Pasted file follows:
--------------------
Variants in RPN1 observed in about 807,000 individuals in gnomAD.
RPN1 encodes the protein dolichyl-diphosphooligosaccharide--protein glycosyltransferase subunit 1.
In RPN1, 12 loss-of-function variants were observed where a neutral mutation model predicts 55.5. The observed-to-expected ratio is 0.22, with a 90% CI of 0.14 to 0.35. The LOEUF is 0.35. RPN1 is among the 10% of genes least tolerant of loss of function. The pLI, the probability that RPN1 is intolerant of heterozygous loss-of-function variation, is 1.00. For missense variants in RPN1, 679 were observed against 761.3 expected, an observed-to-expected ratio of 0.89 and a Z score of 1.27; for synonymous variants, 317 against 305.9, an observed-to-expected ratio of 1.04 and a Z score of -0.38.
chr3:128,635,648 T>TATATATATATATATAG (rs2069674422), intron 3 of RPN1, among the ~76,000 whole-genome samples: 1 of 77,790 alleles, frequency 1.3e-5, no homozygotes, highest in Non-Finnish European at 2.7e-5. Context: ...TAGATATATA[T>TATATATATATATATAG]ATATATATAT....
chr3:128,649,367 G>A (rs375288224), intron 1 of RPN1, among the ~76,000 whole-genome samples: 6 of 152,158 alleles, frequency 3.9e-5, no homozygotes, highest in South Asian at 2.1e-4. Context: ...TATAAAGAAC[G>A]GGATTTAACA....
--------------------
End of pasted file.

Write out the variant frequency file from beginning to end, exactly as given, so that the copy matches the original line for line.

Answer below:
Variants in RPN1 observed in about 807,000 individuals in gnomAD.
RPN1 encodes the protein dolichyl-diphosphooligosaccharide--protein glycosyltransferase subunit 1.
In RPN1, 12 loss-of-function variants were observed where a neutral mutation model predicts 55.5. The observed-to-expected ratio is 0.22, with a 90% CI of 0.14 to 0.35. The LOEUF is 0.35. RPN1 is among the 10% of genes least tolerant of loss of function. The pLI, the probability that RPN1 is intolerant of heterozygous loss-of-function variation, is 1.00. For missense variants in RPN1, 679 were observed against 761.3 expected, an observed-to-expected ratio of 0.89 and a Z score of 1.27; for synonymous variants, 317 against 305.9, an observed-to-expected ratio of 1.04 and a Z score of -0.38.
chr3:128,635,648 T>TATATATATATATATAG (rs2069674422), intron 3 of RPN1, among the ~76,000 whole-genome samples: 1 of 77,790 alleles, frequency 1.3e-5, no homozygotes, highest in Non-Finnish European at 2.7e-5. Context: ...TAGATATATA[T>TATATATATATATATAG]ATATATATAT....
chr3:128,649,367 G>A (rs375288224), intron 1 of RPN1, among the ~76,000 whole-genome samples: 6 of 152,158 alleles, frequency 3.9e-5, no homozygotes, highest in South Asian at 2.1e-4. Context: ...TATAAAGAAC[G>A]GGATTTAACA....